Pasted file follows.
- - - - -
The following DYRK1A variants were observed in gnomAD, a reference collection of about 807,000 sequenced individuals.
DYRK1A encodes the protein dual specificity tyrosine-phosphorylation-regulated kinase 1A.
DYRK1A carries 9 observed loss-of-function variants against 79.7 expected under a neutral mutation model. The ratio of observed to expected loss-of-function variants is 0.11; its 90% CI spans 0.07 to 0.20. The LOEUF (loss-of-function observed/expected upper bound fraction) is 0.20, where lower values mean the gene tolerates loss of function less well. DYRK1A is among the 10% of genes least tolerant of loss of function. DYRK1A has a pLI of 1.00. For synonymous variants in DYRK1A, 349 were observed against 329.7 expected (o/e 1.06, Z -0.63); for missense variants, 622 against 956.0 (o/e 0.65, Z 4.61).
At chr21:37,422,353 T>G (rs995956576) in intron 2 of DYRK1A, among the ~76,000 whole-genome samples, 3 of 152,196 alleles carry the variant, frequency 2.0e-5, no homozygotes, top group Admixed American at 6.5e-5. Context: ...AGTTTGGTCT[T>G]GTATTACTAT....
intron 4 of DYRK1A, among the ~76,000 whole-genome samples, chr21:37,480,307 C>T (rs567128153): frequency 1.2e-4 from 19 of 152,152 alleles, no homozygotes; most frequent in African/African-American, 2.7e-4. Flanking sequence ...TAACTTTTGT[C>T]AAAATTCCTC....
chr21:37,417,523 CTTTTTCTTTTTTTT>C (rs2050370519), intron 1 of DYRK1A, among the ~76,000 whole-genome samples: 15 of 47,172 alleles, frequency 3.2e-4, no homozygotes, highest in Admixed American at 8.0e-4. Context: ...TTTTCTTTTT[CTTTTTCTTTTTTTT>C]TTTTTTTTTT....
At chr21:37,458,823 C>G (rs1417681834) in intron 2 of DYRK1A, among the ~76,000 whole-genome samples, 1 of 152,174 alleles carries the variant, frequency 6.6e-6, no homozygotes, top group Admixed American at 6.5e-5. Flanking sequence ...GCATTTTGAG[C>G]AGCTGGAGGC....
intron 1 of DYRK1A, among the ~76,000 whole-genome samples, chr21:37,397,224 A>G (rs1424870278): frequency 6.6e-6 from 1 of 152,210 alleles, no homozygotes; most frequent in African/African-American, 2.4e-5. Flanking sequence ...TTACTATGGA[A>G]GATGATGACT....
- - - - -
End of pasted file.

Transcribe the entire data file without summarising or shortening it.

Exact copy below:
The following DYRK1A variants were observed in gnomAD, a reference collection of about 807,000 sequenced individuals.
DYRK1A encodes the protein dual specificity tyrosine-phosphorylation-regulated kinase 1A.
DYRK1A carries 9 observed loss-of-function variants against 79.7 expected under a neutral mutation model. The ratio of observed to expected loss-of-function variants is 0.11; its 90% CI spans 0.07 to 0.20. The LOEUF (loss-of-function observed/expected upper bound fraction) is 0.20, where lower values mean the gene tolerates loss of function less well. DYRK1A is among the 10% of genes least tolerant of loss of function. DYRK1A has a pLI of 1.00. For synonymous variants in DYRK1A, 349 were observed against 329.7 expected (o/e 1.06, Z -0.63); for missense variants, 622 against 956.0 (o/e 0.65, Z 4.61).
At chr21:37,422,353 T>G (rs995956576) in intron 2 of DYRK1A, among the ~76,000 whole-genome samples, 3 of 152,196 alleles carry the variant, frequency 2.0e-5, no homozygotes, top group Admixed American at 6.5e-5. Context: ...AGTTTGGTCT[T>G]GTATTACTAT....
intron 4 of DYRK1A, among the ~76,000 whole-genome samples, chr21:37,480,307 C>T (rs567128153): frequency 1.2e-4 from 19 of 152,152 alleles, no homozygotes; most frequent in African/African-American, 2.7e-4. Flanking sequence ...TAACTTTTGT[C>T]AAAATTCCTC....
chr21:37,417,523 CTTTTTCTTTTTTTT>C (rs2050370519), intron 1 of DYRK1A, among the ~76,000 whole-genome samples: 15 of 47,172 alleles, frequency 3.2e-4, no homozygotes, highest in Admixed American at 8.0e-4. Context: ...TTTTCTTTTT[CTTTTTCTTTTTTTT>C]TTTTTTTTTT....
At chr21:37,458,823 C>G (rs1417681834) in intron 2 of DYRK1A, among the ~76,000 whole-genome samples, 1 of 152,174 alleles carries the variant, frequency 6.6e-6, no homozygotes, top group Admixed American at 6.5e-5. Flanking sequence ...GCATTTTGAG[C>G]AGCTGGAGGC....
intron 1 of DYRK1A, among the ~76,000 whole-genome samples, chr21:37,397,224 A>G (rs1424870278): frequency 6.6e-6 from 1 of 152,210 alleles, no homozygotes; most frequent in African/African-American, 2.4e-5. Flanking sequence ...TTACTATGGA[A>G]GATGATGACT....